"Speaking for myself only" - Armando

                      by JR on Tue Feb 19, 2013 at 08:09:43 PM PST

                      [ Parent ]

                      •  Well, so much for "honest debate". (2+ / 0-)
                        Recommended by:
                        noway2, FrankRose

                        History is a cold hard teacher, that is my only "absolute" position.

                        The founding document is our constitution.  From that our central/federal gov't came into existence.  A legal fiction, nothing more or less.  

                        I pretend nothing, putting words into my mouth doesn't solve the dilemma you face. The English Bill of Rights was the inheritance of our Founders, they renounced those privileges they were granted as subjects of the Crown when they won the revolutionary war.

                        You'd have me believe that they would re-institute the same tyrannical controls in the nation they were creating, poppycock!   The English BoR's granted only Protestants the right to keep and bear arms for self defense.

                        What was "The Shot Heard Around The World", the first salvo of our Revolutionary War when the colonists fended off the British Troops at Concord and Lexington, when they tried to disarm them.

                        The only untenable claims being made here is when you try to rewrite the words spoken by Mr. Gerry. He wasn't talking about a specific group, ie those having religious scruples.  He was talking about anyone.  The Congress could then claim no one could keep and bear arms through an arbitrary power.  Our entire First Congress agreed and struck that final part out, did they not?  Yep.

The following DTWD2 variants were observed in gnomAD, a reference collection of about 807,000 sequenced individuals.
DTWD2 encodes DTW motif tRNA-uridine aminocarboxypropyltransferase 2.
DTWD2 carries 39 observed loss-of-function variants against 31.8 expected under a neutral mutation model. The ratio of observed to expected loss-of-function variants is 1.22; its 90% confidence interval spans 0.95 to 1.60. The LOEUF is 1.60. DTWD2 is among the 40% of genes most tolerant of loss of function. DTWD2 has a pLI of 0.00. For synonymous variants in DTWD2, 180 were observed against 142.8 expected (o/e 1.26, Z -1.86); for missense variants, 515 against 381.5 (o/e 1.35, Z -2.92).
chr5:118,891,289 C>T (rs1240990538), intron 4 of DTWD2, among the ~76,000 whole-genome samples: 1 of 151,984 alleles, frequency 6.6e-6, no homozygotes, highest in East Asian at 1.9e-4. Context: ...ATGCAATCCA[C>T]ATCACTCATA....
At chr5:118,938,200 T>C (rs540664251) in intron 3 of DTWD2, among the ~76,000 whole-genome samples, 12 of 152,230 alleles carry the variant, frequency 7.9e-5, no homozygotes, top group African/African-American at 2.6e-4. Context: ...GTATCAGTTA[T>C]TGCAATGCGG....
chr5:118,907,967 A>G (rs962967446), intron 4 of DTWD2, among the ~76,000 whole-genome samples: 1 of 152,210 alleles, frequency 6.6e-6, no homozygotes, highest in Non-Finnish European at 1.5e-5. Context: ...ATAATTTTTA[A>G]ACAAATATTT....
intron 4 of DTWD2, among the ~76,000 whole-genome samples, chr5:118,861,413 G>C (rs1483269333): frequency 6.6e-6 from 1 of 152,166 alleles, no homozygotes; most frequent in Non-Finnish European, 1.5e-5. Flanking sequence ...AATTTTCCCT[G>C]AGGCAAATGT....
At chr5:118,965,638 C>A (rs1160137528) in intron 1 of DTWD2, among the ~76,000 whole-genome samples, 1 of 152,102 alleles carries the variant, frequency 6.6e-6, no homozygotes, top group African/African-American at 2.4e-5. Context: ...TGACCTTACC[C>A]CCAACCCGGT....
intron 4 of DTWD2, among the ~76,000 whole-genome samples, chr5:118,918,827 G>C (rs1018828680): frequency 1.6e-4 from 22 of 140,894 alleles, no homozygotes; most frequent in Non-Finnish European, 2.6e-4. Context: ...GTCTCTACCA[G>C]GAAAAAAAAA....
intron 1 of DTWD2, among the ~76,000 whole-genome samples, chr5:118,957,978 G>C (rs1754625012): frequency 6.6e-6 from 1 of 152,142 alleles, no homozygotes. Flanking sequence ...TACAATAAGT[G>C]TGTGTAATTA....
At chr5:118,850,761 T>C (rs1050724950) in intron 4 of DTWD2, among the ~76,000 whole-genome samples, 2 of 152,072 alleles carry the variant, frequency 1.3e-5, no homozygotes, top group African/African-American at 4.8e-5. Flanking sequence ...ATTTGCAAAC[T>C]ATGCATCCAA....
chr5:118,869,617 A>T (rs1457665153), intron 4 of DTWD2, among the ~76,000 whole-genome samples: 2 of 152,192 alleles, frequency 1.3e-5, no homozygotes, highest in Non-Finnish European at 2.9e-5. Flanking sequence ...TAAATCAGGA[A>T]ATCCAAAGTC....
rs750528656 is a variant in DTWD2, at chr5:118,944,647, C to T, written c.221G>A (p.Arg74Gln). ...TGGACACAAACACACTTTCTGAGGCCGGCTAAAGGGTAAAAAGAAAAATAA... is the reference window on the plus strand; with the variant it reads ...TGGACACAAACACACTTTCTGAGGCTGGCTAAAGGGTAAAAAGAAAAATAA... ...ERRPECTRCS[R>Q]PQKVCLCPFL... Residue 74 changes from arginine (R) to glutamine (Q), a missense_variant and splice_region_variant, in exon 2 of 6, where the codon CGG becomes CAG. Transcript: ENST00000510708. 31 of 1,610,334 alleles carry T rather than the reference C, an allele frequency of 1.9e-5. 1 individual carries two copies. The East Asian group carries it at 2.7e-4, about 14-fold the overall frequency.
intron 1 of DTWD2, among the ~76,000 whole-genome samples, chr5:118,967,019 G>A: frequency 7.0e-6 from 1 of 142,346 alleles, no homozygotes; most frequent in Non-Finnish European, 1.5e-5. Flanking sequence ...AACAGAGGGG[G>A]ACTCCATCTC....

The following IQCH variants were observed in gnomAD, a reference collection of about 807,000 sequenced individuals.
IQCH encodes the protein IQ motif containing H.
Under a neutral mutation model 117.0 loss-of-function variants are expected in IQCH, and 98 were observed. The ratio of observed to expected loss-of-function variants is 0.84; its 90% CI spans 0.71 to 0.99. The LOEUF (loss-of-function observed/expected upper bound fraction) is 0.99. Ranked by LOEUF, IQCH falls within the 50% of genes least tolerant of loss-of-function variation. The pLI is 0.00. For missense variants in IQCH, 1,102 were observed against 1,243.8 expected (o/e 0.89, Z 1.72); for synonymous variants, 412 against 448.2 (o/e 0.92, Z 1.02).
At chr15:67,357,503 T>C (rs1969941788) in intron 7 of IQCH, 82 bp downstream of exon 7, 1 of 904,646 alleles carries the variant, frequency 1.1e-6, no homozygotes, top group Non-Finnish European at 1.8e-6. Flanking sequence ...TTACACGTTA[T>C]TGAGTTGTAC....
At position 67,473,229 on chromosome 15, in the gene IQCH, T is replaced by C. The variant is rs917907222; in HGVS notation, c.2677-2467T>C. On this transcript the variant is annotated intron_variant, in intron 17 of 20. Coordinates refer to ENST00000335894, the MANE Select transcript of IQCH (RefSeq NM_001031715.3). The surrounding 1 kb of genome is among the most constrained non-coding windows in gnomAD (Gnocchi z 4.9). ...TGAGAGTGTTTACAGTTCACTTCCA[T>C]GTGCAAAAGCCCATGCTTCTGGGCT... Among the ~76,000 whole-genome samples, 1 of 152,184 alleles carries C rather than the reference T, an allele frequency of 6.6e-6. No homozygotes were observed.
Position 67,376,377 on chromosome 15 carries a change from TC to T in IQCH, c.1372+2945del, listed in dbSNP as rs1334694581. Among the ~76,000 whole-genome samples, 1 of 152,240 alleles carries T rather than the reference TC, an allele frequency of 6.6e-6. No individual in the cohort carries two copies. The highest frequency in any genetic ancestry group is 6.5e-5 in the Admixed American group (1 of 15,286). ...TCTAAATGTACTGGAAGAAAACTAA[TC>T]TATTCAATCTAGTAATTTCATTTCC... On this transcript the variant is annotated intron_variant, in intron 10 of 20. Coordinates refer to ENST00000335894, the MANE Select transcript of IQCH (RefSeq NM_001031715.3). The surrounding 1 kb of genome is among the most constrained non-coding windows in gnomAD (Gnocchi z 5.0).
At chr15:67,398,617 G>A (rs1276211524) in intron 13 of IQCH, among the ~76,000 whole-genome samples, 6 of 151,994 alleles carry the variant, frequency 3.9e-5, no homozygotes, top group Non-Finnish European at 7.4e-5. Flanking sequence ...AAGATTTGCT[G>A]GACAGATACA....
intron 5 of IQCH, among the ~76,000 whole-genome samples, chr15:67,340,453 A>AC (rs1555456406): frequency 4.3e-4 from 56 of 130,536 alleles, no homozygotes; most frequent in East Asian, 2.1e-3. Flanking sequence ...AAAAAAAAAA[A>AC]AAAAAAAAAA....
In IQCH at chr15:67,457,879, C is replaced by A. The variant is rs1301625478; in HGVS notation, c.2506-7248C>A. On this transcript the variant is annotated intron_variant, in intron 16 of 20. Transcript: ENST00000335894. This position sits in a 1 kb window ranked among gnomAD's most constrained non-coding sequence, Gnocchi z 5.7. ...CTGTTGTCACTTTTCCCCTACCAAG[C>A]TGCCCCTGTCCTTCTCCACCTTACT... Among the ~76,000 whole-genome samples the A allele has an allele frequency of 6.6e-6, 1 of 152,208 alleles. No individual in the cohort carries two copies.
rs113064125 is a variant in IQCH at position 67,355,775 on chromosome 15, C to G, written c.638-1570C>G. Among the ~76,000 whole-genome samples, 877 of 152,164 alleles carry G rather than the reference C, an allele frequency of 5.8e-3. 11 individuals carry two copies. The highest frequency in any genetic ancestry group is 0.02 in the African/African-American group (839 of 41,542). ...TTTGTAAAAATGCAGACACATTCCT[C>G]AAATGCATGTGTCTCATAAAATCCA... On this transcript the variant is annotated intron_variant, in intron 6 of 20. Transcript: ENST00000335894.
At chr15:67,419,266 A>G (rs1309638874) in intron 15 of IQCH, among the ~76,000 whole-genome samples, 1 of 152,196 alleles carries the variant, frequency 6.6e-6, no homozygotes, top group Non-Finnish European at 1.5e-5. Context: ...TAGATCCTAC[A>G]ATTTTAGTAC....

The red herring you employed further is revealed by this simple fact.  What did you say again?  "...where his views mingle with those of the other representatives, state legislators, and delegates who participate in the ratification debate.  That's shoddy history at best, perverting history to match your preconceptions at worst..."

                        Shoddy history and preconceived notions, funny....Explain please the War of 1812.  Explain how the States of Massachusetts and Connecticut refused to send their militia. Explain please how the militia of New York didn't engage after sending them.  The men refused to fight a war that wasn't of their making. The militia from New Hampshire refused as well, if I recall correctly.  The people in the militia decided if the war was just or not.  True democracy.  Odd isn't it?  None of these States or their militia were tried for treason were they? Nope.  Did the Federal Government come in and arrest the Governors or the men that refused to fight? Nope.

                        So much for that theory of yours. History proves otherwise.

                        How do you explain away New Hampshire's demands included in their Ratification Documents?

                        XII. Congress shall never disarm any citizen, unless such as are or have been in actual rebellion.
                        Or Rhode Island's demands:
                        XVII. That the people have a right to keep and bear arms; that a well- regulated militia, including the body of the people capable of bearing arms,
                        Or Virginia or North Carolina, New York, etc????

                        How do you escape these historical facts? Will you ignore the State's own Constitutions that enumerate the 2nd Amendment as an individual unalienable right as well?  Will you pretend they were all talking about a State's militia too???

                        How do you explain the very few Supreme Court Cases involving the 2nd A? Such as 3. Scott v. Sandford (1856):

                        The Dred Scott majority opinion listed the unacceptable consequences of black citizenship: black citizens would have the right to enter any state, to stay there as long as they pleased, and within that state they could go where they wanted at any hour of the day or night, unless they committed some act for which a white person could be punished. Further, black citizens would have "the right to . . . full liberty of speech in public and private upon all subjects which [a state's] own citizens might meet; to hold public meetings upon political affairs, and to keep and carry arms wherever they went."